If Bobby Pringle did murder his disabled mother -- if he did, as the prosecution alleges, stab her at least 70 times in the bedroom of her small Capitol Heights apartment one night last summer -- then Pringle says he cannot remember any of it.

Yesterday, though, testifying in his trial on a charge of first-degree murder in Prince George's County, the 30-year-old former soldier did recall this much about the evening of Aug. 21, 1989:

"I was high," Pringle told the Circuit Court jury in a voice choked by emotion. "I was very, very high."

Vodka. Brandy. Rum. Beer. Crack cocaine. PCP. From late afternoon until late that night, Pringle said, "I was mixing everything quite a bit."

The prosecution alleges that Pringle, who sometimes lived with his mother, Dorothy Mae Pringle, returned to her apartment in the Walker Mill Gardens complex before midnight and killed her. It was her 57th birthday.

Prosecutor Andrew Murray contends that Pringle was coherent enough to know what he was doing, making the slaying a first-degree murder. But Pringle, who has pleaded not guilty, said all he remembers is waking the next morning and finding his mother's body.

Family members described Dorothy Pringle as a devout Baptist who raised seven children, four girls and three boys. Bobby, the youngest son, graduated from Central High School in Seat Pleasant in the late 1970s, then served briefly in the Army. He returned to Prince George's in 1979, began using drugs, and has since worked at a series of low-paying jobs while living at a variety of addresses, according to testimony.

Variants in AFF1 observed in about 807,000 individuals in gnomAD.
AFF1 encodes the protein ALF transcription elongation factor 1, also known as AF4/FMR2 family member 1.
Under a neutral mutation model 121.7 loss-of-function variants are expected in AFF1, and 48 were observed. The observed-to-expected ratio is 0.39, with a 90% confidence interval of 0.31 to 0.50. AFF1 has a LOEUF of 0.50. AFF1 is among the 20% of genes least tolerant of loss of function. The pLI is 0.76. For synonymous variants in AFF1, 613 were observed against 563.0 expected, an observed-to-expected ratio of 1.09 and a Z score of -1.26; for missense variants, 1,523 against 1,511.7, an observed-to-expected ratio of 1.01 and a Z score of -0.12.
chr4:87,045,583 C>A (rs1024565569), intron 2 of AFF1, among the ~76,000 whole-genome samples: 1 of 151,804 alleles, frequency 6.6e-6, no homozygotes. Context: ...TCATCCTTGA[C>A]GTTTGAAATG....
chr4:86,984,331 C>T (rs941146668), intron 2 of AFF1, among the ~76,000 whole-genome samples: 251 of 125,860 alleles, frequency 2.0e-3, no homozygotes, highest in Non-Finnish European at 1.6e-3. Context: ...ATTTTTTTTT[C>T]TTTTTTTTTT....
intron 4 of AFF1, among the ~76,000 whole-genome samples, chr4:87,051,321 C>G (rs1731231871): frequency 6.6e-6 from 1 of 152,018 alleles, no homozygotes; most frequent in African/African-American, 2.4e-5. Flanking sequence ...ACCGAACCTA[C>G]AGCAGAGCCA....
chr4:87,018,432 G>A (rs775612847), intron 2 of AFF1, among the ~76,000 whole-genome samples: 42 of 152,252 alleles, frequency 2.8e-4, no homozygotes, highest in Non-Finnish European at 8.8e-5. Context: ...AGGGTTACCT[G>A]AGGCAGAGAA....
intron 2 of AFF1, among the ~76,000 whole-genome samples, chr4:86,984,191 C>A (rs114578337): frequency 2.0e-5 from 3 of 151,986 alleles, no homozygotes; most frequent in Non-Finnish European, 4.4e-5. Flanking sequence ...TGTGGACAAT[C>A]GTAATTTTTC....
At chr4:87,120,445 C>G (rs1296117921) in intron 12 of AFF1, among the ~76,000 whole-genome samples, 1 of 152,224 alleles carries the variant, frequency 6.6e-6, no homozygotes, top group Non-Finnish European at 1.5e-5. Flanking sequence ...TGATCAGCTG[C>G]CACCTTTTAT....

Pringle testified that last August, he was earning about $180 a week at a fast-food chicken restaurant. Hours before the killing, he said, he cashed his paycheck and began drinking heavily at an acquaintance's home.

On his way back to his mother's apartment complex, he said, he stopped at a nearby "drug strip" to purchase crack cocaine and PCP-laced marijuana. He said he mixed the crack with the powerful psychedelic drug known on the street as "love boat" and smoked it all at once.

"And I remember smoking again, a second one, and I was still holding on to the drink, which was a bag with a couple of beers in it and a bottle of brandy," Pringle testified.

Later, he said, he bought and smoked more PCP before making his way to his mother's first-floor apartment.

"After you knocked on the door, what's the next thing you remember?" asked his attorney, Maureen Lamasney.

"I remember waking up the next morning," Pringle replied. "I was laying on the living-room floor with a pair of shorts and a pair of socks . . . . First, I walked into the bedroom. I saw my mother. I started hollering and screaming. I just got disturbed. I didn't know what to do."

He said he ran from the apartment and eventually wound up back at his acquaintance's house, where he began drinking again, he said.

"I was trying to remember and also trying to forget at the same time," he said. "And I was thinking maybe what I saw wasn't true. Because a lot of times when I'm high, I see things that aren't there." He said he went back to his mother's apartment later in the morning.

Family members, who had grown worried because they had been unable to reach Dorothy Pringle by telephone, were already at the apartment, trying to get in. A maintenance man opened the door, and Bobby Pringle walked straight to the bedroom.

"And I saw that what I saw that morning was true," he said. "I hollered and screamed that's 'she's dead, she'd dead.' I just ran past people. Someone tried to grab me, but I just ran outside."

Still drunk, Pringle said, he ran to a field across the street. "I just sat there and cried," he said. "I just cried and cried."